Skyrocketing prices for natural gas, coal and electricity are putting extra pressure on oil markets, boosting demand as industries and power generators seek to switch to liquid fuels to keep a lid on costs. But don’t expect the oil producers to boost supplies more rapidly over the coming winter — they’re more worried about what might happen next year.
Fuel switching from gas and coal will boost global oil demand by 500,000 barrels a day during the northern hemisphere winter. Th-at’s the consensus view em-erging from analysts at the International Energy Age-ncy, Citigroup, UBS, and e-lsewhere. But producers are sticking to production plans they made back in July.
The additional demand is causing many of those same analysts to raise their oil price forecasts (the IEA doesn’t forecast prices). That’s great news for the oil producers, led by Saudi Arabia and Russia, who are refilling their coffers after the huge drops in revenues they suffered last year. But it’s still not yet enough for them to consider opening the taps faster than they have already planned.
Instead, they are praising their own market management, pointing out how energy markets that don’t have an OPEC+ equivalent to manage them — gas, coal, electricity — have seen huge price rises. Oil looks good in comparison, with its price only doubling over the past 12 months and hitting a seven-year high, r-ather than setting new reco-rds as the other fuels have.
One reason for OPEC’s reluctance to open the taps more quickly, perhaps, can be found in the oil demand forecasts of major agencies like the IEA.
Yes, it warned in its most recent monthly report, published on Thursday, that “soaring natural gas prices have prompted a switch to oil that could boost demand” significantly. And yet, if you look at its demand forecasts, it now sees oil consumption in the final quarter of 2021 as significantly lower than it did back in July and, as a result, it has also reduced its assessment of how much OPEC crude the world needs to balance supply and demand.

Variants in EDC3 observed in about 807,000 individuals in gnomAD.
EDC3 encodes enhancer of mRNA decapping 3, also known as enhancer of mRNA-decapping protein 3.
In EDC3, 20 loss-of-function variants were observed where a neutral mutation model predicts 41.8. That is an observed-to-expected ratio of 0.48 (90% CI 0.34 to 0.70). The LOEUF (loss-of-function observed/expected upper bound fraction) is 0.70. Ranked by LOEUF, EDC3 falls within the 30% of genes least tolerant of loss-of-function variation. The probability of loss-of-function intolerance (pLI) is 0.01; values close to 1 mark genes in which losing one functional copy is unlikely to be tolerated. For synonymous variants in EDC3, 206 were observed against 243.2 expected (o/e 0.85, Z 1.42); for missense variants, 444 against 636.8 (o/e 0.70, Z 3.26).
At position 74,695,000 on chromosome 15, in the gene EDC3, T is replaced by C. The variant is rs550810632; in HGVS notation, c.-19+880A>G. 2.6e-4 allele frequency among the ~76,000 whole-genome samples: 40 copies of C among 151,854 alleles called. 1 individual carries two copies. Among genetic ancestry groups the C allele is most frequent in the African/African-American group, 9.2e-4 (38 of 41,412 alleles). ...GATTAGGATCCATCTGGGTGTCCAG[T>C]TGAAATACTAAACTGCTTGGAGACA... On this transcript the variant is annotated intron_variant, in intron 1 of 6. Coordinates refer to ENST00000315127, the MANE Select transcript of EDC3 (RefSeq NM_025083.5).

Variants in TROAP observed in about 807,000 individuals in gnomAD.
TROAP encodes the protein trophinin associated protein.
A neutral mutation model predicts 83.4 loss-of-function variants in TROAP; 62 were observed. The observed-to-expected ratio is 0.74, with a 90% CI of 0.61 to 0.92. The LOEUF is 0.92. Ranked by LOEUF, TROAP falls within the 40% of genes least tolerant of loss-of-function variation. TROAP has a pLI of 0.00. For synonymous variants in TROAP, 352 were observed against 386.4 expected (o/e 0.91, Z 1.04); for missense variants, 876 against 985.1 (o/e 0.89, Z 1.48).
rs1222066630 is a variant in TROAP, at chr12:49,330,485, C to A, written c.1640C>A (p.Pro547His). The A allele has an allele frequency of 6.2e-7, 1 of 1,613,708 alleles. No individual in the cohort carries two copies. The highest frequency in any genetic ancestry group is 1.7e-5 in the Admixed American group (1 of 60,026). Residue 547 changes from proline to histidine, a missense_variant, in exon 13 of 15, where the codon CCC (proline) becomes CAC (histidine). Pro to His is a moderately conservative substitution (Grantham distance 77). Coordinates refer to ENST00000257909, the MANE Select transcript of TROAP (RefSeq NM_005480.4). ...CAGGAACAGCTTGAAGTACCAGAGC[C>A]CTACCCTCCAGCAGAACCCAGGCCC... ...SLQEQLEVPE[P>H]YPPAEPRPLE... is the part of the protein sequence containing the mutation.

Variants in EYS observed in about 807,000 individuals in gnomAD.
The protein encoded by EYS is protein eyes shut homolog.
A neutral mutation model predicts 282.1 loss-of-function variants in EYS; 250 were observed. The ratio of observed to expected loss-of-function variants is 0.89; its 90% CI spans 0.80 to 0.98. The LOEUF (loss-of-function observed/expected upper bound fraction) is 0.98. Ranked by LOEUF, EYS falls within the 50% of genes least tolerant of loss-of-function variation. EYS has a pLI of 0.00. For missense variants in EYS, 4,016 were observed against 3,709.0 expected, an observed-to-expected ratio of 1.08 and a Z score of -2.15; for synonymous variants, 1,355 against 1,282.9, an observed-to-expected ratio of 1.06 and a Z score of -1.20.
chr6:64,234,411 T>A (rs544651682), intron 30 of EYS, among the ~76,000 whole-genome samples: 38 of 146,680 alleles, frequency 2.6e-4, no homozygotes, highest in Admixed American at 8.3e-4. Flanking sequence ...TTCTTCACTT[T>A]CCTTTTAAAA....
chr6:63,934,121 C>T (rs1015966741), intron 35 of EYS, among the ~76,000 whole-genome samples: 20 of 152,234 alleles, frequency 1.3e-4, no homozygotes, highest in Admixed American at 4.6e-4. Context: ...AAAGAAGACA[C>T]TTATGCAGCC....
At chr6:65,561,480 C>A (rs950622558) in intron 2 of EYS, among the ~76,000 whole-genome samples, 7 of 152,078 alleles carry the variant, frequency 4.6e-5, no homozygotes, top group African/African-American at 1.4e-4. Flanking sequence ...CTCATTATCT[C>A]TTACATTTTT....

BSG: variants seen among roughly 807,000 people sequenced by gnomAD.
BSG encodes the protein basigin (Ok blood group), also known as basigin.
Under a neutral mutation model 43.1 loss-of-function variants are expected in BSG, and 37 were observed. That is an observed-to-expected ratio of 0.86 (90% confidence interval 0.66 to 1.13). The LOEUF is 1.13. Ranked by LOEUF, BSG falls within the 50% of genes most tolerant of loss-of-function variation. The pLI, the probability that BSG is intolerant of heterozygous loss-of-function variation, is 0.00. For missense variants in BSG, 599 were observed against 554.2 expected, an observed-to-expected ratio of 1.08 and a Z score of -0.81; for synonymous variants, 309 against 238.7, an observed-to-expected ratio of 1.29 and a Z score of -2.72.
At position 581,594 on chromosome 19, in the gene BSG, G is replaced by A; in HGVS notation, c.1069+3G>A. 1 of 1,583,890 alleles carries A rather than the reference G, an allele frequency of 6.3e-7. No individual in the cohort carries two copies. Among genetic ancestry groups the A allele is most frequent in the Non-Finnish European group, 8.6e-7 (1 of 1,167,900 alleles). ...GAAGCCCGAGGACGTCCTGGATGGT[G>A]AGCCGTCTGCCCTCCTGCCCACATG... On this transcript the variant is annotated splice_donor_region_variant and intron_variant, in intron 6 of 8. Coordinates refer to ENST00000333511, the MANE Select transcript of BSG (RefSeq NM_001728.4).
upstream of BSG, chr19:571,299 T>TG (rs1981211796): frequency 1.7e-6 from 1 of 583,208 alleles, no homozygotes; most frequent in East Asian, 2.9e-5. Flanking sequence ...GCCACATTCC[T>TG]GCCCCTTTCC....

But the real issue seems to be that the oil producers aren’t worried about this winter. The bigger concern on their minds is a massive over-supply of oil next year.
Speaking on Thursday at the Russian Energy Week in Moscow, Saudi Energy Minister Prince Abdulaziz bin Salman said he was concerned about the oil market shifting to a supply surplus in 2022, creating a huge excess stockpile by the end of the year. “We’ll have a challenging year,” he said. “We keep telling people we should look way beyond the tip of our noses.”
Well, that’s certainly cause for concern if you’re an oil producer. But it would be an even bigger worry were it actually true.
OPEC’s analysts see the oil supply deficit in 2021 — which has led to the drawing down of excess stockpiles built up in 2020 — switching to a surplus next year. It looks like a compelling argument for caution. But that surplus is built on the fallacy that the producer group and its allies will keep adding 400,000 barrels a day to supply. They won’t. In fact, they can’t.
Several of them aren’t expected to meet their current output targets, let alone any future increases. Angola, Nigeria and Malaysia head that list. Several others, most notable among them Russia, are soon going to be in a similar position.
Russia’s output cut was measured from a baseline of 11 million barrels a day, the same as Saudi Arabia’s. But while the desert kingdom has actually pumped that much crude in the past, Russia never has. In fact, it has probably never pumped more than 10.4 million barrels a day. Yet its output target under the OPEC+ deal will reach that level by April 2022.
Some suggest that Russia’s failure to lift production over the summer shows that it is already struggling, although a big jump in reported output for September, up month on month by almost 300,000 barrels a day, may allay some of those worries.
If you then consider the ever-retreating return of Iranian barrels, which slip further into the future as talks about a return to the 2015 nuclear deal are delayed, it’s easy to see much of next year’s huge surplus quickly evaporating.
Through a cynical lens, refusing to increase supply looks like a convenient excuse for oil producers to ignore other countries’ calls to open the taps more quickly — and to enjoy higher prices. But they must then hope that the doubling of oil prices doesn’t combine with soaring energy costs elsewhere to stoke inflation and curtail industrial activity and consumer buying to the point where recovery is choked off and oil demand is stifled.
For now, OPEC seems to be banking on a continuing recovery from the pandemic. Don’t expect them to pump more oil than they have already planned, and probably not even that much.